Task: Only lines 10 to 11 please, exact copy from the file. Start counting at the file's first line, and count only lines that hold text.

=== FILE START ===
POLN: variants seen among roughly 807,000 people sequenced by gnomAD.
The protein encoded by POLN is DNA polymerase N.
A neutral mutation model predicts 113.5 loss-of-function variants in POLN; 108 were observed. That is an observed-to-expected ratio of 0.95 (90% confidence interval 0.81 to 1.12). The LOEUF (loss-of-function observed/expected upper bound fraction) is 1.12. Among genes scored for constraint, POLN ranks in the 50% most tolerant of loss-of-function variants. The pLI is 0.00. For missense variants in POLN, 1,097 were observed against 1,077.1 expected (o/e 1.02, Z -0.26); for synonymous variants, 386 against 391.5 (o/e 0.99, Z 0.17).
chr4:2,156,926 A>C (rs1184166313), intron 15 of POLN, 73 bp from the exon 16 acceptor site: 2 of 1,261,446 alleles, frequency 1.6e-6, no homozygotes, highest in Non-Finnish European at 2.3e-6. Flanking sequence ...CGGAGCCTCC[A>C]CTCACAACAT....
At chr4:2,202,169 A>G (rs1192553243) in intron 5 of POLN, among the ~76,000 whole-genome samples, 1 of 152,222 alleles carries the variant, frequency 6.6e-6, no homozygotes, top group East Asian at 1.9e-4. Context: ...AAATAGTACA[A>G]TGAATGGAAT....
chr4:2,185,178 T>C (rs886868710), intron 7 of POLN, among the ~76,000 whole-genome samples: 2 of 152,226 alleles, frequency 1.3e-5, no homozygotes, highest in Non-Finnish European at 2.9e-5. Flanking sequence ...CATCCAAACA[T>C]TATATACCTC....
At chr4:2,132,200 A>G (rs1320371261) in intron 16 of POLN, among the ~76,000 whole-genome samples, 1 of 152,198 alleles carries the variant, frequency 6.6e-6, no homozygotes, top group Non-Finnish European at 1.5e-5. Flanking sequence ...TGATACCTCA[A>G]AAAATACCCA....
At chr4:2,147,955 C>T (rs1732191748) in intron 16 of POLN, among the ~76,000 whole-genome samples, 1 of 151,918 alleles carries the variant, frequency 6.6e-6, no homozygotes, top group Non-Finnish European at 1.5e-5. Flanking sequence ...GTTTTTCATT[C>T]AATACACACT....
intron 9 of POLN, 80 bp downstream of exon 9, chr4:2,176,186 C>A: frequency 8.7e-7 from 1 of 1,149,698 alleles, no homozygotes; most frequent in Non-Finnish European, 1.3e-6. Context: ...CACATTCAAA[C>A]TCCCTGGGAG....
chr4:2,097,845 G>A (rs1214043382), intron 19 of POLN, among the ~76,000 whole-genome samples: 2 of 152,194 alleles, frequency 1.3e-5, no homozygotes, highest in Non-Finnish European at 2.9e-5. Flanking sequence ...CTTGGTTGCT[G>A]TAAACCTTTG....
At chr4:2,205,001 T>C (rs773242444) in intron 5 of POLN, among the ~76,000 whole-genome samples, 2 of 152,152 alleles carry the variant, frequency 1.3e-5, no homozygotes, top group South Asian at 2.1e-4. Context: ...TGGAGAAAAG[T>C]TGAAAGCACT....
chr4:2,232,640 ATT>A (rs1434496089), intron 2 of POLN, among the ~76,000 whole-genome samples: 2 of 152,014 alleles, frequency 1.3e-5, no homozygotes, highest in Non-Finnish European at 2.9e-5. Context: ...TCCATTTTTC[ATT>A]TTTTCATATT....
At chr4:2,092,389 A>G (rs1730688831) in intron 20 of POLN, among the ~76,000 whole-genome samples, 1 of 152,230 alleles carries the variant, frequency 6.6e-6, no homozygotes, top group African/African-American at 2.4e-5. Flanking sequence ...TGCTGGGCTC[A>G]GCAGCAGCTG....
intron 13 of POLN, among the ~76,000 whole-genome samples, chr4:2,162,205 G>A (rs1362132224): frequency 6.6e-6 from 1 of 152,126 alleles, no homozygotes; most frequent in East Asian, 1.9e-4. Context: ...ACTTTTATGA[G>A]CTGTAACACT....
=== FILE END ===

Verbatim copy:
chr4:2,097,845 G>A (rs1214043382), intron 19 of POLN, among the ~76,000 whole-genome samples: 2 of 152,194 alleles, frequency 1.3e-5, no homozygotes, highest in Non-Finnish European at 2.9e-5. Flanking sequence ...CTTGGTTGCT[G>A]TAAACCTTTG....
At chr4:2,205,001 T>C (rs773242444) in intron 5 of POLN, among the ~76,000 whole-genome samples, 2 of 152,152 alleles carry the variant, frequency 1.3e-5, no homozygotes, top group South Asian at 2.1e-4. Context: ...TGGAGAAAAG[T>C]TGAAAGCACT....